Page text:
Genetics of behavioural adaptation of livestock to farming conditions.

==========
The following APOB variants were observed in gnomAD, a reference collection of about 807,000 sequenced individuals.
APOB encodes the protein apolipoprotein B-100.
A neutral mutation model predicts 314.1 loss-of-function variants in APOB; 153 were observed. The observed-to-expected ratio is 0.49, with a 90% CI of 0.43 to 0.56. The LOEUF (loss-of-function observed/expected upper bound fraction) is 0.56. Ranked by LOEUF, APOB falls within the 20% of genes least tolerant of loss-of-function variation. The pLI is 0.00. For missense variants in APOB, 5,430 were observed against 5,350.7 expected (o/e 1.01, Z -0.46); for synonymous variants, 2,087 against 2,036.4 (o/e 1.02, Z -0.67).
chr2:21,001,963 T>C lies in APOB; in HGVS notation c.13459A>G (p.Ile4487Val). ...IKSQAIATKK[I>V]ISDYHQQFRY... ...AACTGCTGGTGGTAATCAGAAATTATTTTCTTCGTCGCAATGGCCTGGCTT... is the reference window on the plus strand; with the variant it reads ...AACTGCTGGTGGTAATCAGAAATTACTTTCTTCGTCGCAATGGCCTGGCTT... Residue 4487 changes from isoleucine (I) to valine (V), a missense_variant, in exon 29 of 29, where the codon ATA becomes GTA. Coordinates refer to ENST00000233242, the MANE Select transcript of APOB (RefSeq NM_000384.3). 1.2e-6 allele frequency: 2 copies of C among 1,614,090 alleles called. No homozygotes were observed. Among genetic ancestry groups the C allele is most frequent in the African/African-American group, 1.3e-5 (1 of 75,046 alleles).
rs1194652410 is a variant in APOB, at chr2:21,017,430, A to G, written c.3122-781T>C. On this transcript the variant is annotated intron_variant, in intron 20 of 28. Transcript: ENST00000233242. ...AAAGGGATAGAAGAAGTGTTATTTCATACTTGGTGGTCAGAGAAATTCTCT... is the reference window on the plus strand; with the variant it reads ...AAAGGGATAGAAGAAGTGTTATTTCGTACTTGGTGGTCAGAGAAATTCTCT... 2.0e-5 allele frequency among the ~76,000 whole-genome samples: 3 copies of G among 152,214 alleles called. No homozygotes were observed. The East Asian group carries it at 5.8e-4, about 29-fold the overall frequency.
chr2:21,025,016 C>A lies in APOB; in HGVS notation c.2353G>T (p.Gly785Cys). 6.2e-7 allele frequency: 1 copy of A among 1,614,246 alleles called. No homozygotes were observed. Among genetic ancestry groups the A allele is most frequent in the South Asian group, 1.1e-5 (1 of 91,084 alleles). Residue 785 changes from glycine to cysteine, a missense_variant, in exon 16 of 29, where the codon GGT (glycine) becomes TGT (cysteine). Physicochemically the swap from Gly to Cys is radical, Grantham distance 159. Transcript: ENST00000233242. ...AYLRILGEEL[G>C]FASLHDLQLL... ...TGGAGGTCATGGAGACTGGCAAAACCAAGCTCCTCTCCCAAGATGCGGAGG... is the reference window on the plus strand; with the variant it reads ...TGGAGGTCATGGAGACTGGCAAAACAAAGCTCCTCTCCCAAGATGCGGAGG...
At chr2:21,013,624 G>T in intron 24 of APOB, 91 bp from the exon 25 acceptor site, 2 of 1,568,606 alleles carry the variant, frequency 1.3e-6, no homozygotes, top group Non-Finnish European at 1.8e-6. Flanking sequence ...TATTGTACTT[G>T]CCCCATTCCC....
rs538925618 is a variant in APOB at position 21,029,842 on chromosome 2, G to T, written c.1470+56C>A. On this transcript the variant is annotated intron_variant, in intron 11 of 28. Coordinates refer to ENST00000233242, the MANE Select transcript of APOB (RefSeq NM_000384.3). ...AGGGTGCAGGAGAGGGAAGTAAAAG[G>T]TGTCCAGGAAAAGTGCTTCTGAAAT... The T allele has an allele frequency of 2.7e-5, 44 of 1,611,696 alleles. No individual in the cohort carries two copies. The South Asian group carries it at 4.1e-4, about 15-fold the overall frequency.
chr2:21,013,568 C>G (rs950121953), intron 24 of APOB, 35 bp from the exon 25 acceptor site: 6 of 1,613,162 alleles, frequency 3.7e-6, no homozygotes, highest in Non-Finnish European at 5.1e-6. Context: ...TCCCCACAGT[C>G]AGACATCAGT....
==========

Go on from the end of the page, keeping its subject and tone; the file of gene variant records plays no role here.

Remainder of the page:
An association study between SNP markers and feather condition score on the back, rump and belly of laying hens was performed. Feather condition score is a measure of feather damage, which has been shown to be closely related to feather pecking behaviour in hens housed in groups. A population of 662 hens was genotyped for 1536 SNPs of which 1022 could be used for the association study. The analysis was conducted across 9 different lines of White Leghorn and Rhode Island Red origin. Across lines linkage disequilibrium is conserved at shorter distances than within lines; therefore, SNPs significantly associated with feather condition score across lines are expected to be closer to the functional mutations. The SNPs that had a significant across-line effect but did not show significant SNP-by-line interaction were identified, to test that the association was consistent across lines. Both the direct effect of the individual's genotype on its plumage condition, and the associative effect of the genotype of the cage mates on the individual's plumage condition were analysed. The direct genetic effect can be considered as the susceptibility to be pecked at, whereas the associative genetic effect can be interpreted as the propensity to perform feather pecking. Finally, 11 significant associations between SNPs and behavioural traits were detected in the direct model, and 81 in the associative model. A role of the gene for the serotonin receptor 2C (HTR2C) on chromosome 4 was found. This supports existing evidence of a prominent involvement of the serotonergic system in the modulation of this behavioural disorder in laying hens. The genes for IL9, IL4, CCL4 and NFKB were found to be associated to plumage condition, revealing relationships between the immune system and behaviour.